November 24, 2020

British Pound Battered by Waves of Uncertainty

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British-Pound-Battered-by-Waves-of-Uncertaintyby Peter Warburton, PhD, Lignet

In the past four months, the relative tranquility of the British pound has been shattered. The pound has fallen 6 percent against the U.S. dollar, 7 percent against the euro and 6 percent when measured against a basket of leading currencies. During this time, there has been bad news on the UK balance of payments, on the government’s progress in cutting the fiscal deficit and on the overall performance of the economy. As a result, Moody’s downgraded UK government debt from AAA to AA1 on February 22. The new governor of the Bank of England may be able to steady the ship once he starts work in July, but the fundamental problems of a broken banking system, a lackluster economy and a susceptibility to inflation will remain.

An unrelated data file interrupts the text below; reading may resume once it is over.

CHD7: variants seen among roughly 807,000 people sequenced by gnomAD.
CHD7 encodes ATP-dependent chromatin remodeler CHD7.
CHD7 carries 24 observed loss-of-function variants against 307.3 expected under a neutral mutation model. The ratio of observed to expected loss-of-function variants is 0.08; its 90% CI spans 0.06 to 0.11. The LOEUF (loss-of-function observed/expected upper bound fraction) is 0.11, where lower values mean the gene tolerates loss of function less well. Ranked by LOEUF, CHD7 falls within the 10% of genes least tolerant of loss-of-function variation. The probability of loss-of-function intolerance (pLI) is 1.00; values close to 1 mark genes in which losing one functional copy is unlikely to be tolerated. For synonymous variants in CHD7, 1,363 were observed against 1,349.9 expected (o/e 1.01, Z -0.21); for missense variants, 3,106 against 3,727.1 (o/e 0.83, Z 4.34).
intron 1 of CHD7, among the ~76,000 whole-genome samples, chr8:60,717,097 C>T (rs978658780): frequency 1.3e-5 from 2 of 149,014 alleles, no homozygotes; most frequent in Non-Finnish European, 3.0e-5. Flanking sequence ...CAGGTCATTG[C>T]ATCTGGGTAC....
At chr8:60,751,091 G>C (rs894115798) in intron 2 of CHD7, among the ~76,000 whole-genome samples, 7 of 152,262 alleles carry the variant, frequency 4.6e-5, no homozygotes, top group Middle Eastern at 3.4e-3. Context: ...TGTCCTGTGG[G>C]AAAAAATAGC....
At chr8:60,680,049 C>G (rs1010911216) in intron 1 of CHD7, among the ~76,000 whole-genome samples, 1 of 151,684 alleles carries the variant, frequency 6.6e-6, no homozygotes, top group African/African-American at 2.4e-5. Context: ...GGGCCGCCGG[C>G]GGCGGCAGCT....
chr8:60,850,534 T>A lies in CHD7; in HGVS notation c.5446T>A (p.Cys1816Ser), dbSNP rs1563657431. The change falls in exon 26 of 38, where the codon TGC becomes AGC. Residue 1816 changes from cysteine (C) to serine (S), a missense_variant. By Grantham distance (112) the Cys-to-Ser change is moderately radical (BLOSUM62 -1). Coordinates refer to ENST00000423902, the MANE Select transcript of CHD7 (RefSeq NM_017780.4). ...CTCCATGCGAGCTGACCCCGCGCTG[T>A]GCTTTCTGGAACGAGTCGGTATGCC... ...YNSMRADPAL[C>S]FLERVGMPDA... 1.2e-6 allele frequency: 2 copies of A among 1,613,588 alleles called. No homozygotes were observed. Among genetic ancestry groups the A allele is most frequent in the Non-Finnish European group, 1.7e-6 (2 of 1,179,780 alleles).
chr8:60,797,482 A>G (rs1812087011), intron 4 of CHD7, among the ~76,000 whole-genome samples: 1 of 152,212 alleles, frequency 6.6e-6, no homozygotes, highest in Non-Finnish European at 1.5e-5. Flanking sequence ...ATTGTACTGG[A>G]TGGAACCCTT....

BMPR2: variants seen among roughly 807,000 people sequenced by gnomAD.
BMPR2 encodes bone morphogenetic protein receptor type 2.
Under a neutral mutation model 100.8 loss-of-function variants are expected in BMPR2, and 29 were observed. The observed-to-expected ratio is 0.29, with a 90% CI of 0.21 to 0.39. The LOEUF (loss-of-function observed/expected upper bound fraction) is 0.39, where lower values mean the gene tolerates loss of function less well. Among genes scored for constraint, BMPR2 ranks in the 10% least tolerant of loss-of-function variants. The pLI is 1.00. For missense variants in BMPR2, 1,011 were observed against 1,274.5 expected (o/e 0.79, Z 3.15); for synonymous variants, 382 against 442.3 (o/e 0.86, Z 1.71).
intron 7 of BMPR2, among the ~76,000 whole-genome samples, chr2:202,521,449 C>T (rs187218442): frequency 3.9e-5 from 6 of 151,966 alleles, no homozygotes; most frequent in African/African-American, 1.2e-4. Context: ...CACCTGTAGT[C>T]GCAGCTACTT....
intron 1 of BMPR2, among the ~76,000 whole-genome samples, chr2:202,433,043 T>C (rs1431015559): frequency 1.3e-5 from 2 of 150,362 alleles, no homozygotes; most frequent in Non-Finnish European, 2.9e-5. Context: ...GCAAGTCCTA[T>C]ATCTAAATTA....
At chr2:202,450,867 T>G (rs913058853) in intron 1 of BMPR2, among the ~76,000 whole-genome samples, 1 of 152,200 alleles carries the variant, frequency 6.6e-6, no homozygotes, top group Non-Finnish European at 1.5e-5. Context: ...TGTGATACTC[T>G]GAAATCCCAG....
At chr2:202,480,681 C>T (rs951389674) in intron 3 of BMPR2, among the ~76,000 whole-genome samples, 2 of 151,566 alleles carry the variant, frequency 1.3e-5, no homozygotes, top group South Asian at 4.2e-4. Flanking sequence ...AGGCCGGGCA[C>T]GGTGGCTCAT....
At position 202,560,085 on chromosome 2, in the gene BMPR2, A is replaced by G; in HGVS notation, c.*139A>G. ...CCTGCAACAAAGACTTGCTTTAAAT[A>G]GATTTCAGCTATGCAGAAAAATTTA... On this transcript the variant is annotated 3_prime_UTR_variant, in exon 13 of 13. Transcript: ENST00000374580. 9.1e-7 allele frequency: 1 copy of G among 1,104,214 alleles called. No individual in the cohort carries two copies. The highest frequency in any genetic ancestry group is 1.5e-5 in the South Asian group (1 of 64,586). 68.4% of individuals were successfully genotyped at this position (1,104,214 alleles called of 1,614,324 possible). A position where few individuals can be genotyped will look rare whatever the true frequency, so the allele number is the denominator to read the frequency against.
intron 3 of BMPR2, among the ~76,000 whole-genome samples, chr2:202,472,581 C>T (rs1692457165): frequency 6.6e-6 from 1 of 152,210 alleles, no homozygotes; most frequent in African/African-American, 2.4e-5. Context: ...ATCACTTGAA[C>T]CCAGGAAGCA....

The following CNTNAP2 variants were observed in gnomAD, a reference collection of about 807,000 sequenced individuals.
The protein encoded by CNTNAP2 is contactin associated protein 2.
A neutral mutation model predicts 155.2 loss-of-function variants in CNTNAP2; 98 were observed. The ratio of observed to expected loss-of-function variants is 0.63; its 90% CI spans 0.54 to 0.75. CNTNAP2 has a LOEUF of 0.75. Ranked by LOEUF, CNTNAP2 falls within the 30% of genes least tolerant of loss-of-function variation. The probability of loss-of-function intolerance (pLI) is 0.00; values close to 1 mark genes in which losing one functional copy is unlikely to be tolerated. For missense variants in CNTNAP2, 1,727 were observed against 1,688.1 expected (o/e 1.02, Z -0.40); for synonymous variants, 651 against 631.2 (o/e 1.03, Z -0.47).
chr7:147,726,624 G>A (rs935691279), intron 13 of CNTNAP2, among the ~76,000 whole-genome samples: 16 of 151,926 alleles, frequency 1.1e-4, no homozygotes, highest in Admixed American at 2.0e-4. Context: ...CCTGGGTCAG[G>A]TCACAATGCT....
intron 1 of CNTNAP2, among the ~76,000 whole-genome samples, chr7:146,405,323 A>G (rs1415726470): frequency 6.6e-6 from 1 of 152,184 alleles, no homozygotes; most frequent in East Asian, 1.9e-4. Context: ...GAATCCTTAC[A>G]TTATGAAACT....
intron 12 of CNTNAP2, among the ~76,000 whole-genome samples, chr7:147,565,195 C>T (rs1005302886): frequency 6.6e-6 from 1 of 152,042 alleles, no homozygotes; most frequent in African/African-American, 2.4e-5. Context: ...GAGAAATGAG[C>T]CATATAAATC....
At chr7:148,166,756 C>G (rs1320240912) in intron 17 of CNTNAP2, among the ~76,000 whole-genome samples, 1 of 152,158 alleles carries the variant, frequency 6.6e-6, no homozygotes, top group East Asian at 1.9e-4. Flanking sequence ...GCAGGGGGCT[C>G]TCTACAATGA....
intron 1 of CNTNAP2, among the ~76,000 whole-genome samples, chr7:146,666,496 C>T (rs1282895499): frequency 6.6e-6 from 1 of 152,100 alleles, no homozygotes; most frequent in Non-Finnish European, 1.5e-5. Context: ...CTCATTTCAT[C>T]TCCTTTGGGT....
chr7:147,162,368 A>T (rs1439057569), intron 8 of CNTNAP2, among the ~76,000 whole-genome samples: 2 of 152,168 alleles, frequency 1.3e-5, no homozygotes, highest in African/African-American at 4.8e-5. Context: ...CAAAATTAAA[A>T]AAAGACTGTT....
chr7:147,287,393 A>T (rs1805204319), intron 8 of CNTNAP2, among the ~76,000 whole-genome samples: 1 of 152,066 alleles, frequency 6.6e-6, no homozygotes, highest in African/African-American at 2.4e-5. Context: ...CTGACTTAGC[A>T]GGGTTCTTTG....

In addition to the sequence of bad news, there is also plenty of uncertainty surrounding the pound. With the eurozone debt and banking crisis in remission, the UK is no longer the beneficiary of hot money inflows from Europe. A new governor of the Bank of England has been appointed, but will not take up his post until July. This interval has fostered speculation that the governor, Mark Carney, will be given a new and more flexible inflation mandate, which is likely to tip the real returns to pound deposits even lower. A weaker currency can only offer partial and temporary relief to an ailing economy, but it can still play an important part in rebuilding export profitability and confidence. There is no time to lose.

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